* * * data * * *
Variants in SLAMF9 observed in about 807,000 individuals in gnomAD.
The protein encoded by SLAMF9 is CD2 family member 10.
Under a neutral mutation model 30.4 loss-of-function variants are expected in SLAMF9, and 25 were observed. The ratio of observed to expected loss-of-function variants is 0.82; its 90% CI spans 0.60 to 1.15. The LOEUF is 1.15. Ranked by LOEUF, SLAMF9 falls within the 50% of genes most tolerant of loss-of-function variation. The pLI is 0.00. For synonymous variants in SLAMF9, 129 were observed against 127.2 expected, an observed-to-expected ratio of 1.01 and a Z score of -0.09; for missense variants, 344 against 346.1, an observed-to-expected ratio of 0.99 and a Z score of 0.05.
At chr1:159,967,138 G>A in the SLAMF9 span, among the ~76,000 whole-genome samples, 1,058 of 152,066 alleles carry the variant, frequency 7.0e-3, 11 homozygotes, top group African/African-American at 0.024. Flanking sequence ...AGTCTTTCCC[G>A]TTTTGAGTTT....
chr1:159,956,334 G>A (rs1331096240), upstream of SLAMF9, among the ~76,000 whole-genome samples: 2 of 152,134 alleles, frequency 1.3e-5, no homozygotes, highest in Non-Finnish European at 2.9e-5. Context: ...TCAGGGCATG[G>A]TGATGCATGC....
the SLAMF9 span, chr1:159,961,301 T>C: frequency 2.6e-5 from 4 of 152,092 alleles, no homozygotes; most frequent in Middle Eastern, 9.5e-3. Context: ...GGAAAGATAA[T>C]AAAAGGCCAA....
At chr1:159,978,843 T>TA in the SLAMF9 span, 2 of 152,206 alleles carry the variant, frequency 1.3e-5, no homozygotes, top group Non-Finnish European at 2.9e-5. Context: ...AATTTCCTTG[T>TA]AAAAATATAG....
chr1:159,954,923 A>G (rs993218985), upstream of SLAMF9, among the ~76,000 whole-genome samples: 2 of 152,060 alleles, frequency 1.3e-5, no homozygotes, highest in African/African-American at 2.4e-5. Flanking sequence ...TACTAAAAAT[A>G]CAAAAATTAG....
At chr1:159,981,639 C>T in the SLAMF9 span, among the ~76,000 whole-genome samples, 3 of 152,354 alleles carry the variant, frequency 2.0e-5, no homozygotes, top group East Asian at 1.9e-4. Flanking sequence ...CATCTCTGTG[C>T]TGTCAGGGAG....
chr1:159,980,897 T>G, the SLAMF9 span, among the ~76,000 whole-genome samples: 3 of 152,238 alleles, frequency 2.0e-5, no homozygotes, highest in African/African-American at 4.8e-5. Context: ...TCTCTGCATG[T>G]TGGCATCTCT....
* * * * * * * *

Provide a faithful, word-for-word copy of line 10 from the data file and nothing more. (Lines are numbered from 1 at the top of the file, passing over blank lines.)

chr1:159,980,897 T>G, the SLAMF9 span, among the ~76,000 whole-genome samples: 3 of 152,238 alleles, frequency 2.0e-5, no homozygotes, highest in African/African-American at 4.8e-5. Context: ...TCTCTGCATG[T>G]TGGCATCTCT....